RENDELL: ... just like Joe Manchin.
RENDELL: Just like Joe Manchin.
MATTHEWS: Imagine you`re out in -- out in western Pennsylvania, one of the western counties, Westmoreland or Washington, one of those counties out there, Jefferson, whatever they are. I don`t even know them all. But they`re conservative counties.
And you know them all because you`ve been running out there. You sit there in a meeting, and some NRA guys in the meeting. And they`re out (ph) in the meeting, and they say, You`re on a slippery slope here, Governor. First thing, you take away our multi-shot weapons. Next, you`ll go after my -- you`ll be after my -- my deer rifle. What do you say to them? It`s not a slippery slope. What do you say?
RENDELL: I say, first of all, it isn`t a slippery slope and no one wants to take away your deer rifle, number one. Number two, every one of our amendments are qualified. The 1st Amendment is and all of them are, and so is the 2nd Amendment.
And number three, if you guys are so tough, how come you opposed me in three statewide elections in the second highest NRA membership state in the country, and I got elected by 10 points, 12 points and 21 points, Chris. If the NRA is so tough, how did I win all those elections?
MATTHEWS: Because the city mice and the suburbanites love you! That`s why because you didn`t change their minds, you beat them!
RENDELL: That`s the point.
MATTHEWS: Yes, go ahead, Governor.
RENDELL: I think Martin`s right. And in my second election, Chris -- in my first election, I won 15 out of 67 counties. In my second election, I won 33 out of 67 counties.
MATTHEWS: Yes. Yes.
RENDELL: So they`re not that tough. They are literally a paper tiger. They`re the Wizard of Oz.
O`MALLEY: Yes, and Chris, I think we ought...
MATTHEWS: That`s because you were running against my brother and Lynn Swann!
MATTHEWS: I`m just teasing -- I`m teasing my brother there. You get 33 states -- counties. Did you find yourself successful, as a guy who`s known to be for gun control, in areas of the state that are very tough on that? Did you change any minds on other -- did you manage to win minds over of anybody on this issue? Because that`s where we are right now...
RENDELL: Sure. In my...
MATTHEWS: ... trying to find the hearts and minds of the hunters.
RENDELL: When I ran for re-election, I carried counties like Mercer County in the west that are gun -- NRA counties because I had done other stuff, not because I convinced them about guns.
And by the way, one last thing. And Martin O`Malley has done this consistently as governor. It`s about time that some of our elected officials risked their future. If you have to risk losing, well, risk it on protecting children.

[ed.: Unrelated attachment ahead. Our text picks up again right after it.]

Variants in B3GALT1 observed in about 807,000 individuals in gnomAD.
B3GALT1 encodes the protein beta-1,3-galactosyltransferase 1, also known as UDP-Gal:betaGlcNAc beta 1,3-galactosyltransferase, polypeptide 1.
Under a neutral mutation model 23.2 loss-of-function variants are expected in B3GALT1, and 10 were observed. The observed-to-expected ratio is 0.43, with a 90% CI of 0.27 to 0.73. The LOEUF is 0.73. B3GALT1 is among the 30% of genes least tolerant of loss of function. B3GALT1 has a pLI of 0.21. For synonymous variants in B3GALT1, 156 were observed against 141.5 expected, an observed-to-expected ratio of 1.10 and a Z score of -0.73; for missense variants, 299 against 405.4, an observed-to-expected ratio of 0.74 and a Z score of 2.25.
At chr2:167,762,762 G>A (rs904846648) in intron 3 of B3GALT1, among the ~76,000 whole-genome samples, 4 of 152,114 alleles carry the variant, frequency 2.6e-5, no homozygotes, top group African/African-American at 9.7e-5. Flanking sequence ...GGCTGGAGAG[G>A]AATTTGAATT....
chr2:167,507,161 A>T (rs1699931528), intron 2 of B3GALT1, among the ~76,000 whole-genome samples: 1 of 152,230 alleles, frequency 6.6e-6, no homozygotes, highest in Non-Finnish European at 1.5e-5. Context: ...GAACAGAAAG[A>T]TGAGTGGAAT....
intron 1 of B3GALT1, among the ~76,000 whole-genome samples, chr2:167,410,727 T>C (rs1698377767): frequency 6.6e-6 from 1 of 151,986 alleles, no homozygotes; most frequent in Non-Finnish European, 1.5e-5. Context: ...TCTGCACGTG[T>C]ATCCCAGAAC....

RENDELL: Risk it on doing something that is incredibly meaningful to stop this carnage because if you`re not going to risk for something like that, then why are you in elective office?
MATTHEWS: OK, let me bring that back to that question. We had a great liberal senator from Pennsylvania years ago, Joseph Clark (ph), a classic reformer. This is one of the things that killed him, gun control. It`s for real. It can ruin a career.
O`MALLEY: But our ability to grow as a people is also for real. Our ability to evolve...
RENDELL: I agree.
O`MALLEY: ... our ability to look at the fact that our gun laws and the ability to -- for people to purchase assault combat weapons makes us an anomaly in the free world.
MATTHEWS: I know.
O`MALLEY: I mean, those are -- those are things that are also that we`re capable of, growing in our understanding of one another and also in what we can do...
MATTHEWS: OK, you`re...
O`MALLEY: ... to put bad guys in jail, protect kids, and have sensible...
MATTHEWS: We meet again here, and Governor -- I hope we meet before then, but we meet here in September, at the end of this congressional session. Do you think we`ll have a bill that does something real and is signed by the president on gun control?
O`MALLEY: I do.
MATTHEWS: Governor -- Governor Rendell, will we get something done?
RENDELL: I think we`ll have it by the -- I think we`ll have it by the end of February, Chris.
MATTHEWS: Well, that`s optimism. I hope we get it done. It`d be great to have as a memorial to these -- I keep thinking what it was like to be 5 years old, and we can all remember it. We were real people with big souls, little bodies and big souls. We thought a lot about life. It meant so much to us as kids. Santa Claus was coming. We were very big in our hearts. And these kids -- oh! It`s just horrible to think about. The
more we think about this, the worse it`s going to be.
Thank you, Governor...
RENDELL: ... one of the mothers said -- the night of the memorial, one of the mothers said, If we can pass sensible gun legislation, our kids won`t have died in vain.
MATTHEWS: Yes, and that is one hell of a price. But thank you so much, Governor. You`re a good guy. Thank you. Happy holidays. Merry Christmas to you, Governor O`Malley.